Tiger Woods battles it out 6-over-78 in the British Open grind

ST. ANDREWS, Scotland –

“Smile,” pleaded a small boy in the three-row grandstand as Tiger Woods, stone-faced and head bowed, slowly walked towards the fourth tee at St Andrews.

An hour into his first round, and the one major Woods simply couldn’t miss – a British Open in the home of golf – a real grind began.

A hard-to-watch start had him hitting his second shot into the Swilcan Burn before missing a short putt to run up a double bogey. Then came a three-putt for bogey on the third hole.

Firing two more shots at No. 7 after driving into a bunker on the adjacent hole, Woods was 6 over par and looking as lost as the spectator watching the 15-time Major winner in a tiger onesie followed.

He finished with that number, a 6-over-78, which matched his second-highest score at golf’s oldest major and gave him a remote chance of making it through the weekend at what may be his final Open at St Andrews. Only seven players in the 156-man field shot worse on Thursday.

“Looks like I’ll have to turn 66 tomorrow to have a chance,” Woods said. “So obviously it’s done. guys did it today. And my responsibility tomorrow is to go ahead and do it.”

Perhaps it was too much to expect that Woods would compete this week despite being one of the greatest players to pick up a golf club.

After all, he’s playing on a right leg that was put together after a car accident in February 2021. It’s only his third event of 2022 – all have been major championships – and the first in almost two months.

Woods, 46, said this week he has no idea how long he can physically compete at the highest level because of his ailing body. That meant he couldn’t pass up the opportunity to play St Andrews, perhaps one last time on the stage where he won two of his three British Open titles.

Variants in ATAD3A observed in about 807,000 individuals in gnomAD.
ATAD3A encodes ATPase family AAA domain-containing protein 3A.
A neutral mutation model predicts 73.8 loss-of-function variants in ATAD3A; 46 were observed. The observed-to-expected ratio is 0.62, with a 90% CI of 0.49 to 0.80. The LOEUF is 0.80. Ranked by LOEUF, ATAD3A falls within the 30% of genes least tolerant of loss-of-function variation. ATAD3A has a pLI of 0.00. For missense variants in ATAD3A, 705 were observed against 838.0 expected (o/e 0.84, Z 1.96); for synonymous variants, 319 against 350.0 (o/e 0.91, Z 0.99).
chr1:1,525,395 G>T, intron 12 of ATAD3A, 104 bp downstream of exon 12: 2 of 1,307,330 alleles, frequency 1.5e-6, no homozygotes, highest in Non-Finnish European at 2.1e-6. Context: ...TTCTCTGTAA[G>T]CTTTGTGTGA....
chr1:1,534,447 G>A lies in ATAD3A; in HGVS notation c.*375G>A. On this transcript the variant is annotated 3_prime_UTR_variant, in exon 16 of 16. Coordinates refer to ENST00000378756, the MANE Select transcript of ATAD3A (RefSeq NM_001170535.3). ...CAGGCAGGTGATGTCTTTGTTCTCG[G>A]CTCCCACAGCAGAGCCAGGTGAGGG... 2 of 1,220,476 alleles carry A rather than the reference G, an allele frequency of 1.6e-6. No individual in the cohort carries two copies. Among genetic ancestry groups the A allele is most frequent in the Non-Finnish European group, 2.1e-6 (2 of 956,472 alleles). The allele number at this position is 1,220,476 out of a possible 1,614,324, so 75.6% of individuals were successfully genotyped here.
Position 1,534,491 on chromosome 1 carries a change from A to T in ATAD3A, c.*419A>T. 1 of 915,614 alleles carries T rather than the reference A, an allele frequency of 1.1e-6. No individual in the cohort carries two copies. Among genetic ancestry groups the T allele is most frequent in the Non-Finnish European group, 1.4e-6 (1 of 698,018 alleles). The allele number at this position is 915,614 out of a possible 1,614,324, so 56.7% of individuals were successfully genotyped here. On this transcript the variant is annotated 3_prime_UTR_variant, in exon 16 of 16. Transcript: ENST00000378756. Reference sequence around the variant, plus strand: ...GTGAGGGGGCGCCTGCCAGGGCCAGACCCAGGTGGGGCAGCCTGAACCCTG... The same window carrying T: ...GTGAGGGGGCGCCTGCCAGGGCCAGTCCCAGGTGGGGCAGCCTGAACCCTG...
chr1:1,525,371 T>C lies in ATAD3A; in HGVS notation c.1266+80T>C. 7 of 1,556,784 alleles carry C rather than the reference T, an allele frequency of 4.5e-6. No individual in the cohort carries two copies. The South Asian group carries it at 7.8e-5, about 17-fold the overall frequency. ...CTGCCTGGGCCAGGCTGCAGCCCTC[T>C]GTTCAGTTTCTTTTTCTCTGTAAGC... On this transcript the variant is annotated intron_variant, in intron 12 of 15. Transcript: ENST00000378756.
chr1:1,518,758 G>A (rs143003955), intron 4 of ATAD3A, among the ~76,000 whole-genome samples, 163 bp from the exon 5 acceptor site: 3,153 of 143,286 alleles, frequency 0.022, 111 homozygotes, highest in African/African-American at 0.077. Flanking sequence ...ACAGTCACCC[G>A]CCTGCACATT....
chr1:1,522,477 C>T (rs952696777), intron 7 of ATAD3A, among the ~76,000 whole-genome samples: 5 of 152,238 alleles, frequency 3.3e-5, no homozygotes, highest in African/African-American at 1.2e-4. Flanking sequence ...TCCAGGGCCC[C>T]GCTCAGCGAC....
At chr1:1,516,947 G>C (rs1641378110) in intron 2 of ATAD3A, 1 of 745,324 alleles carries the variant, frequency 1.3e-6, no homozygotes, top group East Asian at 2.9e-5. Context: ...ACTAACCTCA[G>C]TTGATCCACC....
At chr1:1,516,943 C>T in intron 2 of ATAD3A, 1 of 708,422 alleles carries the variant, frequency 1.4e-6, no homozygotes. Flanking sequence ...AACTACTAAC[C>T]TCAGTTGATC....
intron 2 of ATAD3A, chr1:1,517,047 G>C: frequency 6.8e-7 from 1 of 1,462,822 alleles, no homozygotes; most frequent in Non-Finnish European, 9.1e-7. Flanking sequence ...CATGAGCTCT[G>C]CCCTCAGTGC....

“That was always on the calendar to hopefully be good enough to play. And I am,” Woods said. “I just didn’t do very well.”

There was sentimentality behind the loud cheers he received as he walked onto the putting green next to the first tee, where he did some light stretches for his right leg and then the first tee himself.

Certainly no other player at number 996 has had such a reception.

And shouts of “Go on Tiger” followed him as he made his way down the first hole where he hit a tee shot that had settled down the middle of the fairway but in a fresh divot. Woods looked away after hitting his approach shot as dust flew off his clubface. Turning back, he saw his ball bounce into the creek guarding the green.

“Either just don’t flatten it (or) don’t cut it,” Woods said. “Neither do I. But I still hit it in the fire.”

He took a penalty, throwing himself across the water and missing a putt about 4 feet. It was a sign for the future.

“I was still having trouble hitting the putts hard enough,” he said. “Just because they look faster, and especially considering the fairways are actually faster than the greens, it’s just a different dynamic than what we were used to.”

Although there were no obvious signs of a limp, Woods walked cautiously over the rough terrain of St Andrews during an achingly slow round that lasted more than six hours and was played in nothing more than a light breeze. His long, often silent waits on the tees gave him time to reflect on a series of erratic shots down the front nine that ended in at least a birdie after pacing up and down behind the green.

Woods showed more emotion coming back, his competition juices maybe starting to flow. His frustration was evident after failing to hole a short putt for birdie on #12, and there was a wry smile after missing his par putt on the next.

A drive of more than 400 yards on the par-5 #14 he made for a third and final birdie with two putts drew cheers and roars from the gallery, and there was more on the 18th than his drive on the front rolled of the green just for the ball to fall back into Sin Valley.

It summed up his round that he could only make par from there. As he removed his cap and greeted the crowd around one of golf’s most famous greens, Woods couldn’t hide his disappointment.

“I’ve had my chances to turn it around and really get it rolling,” he said, “and I didn’t.”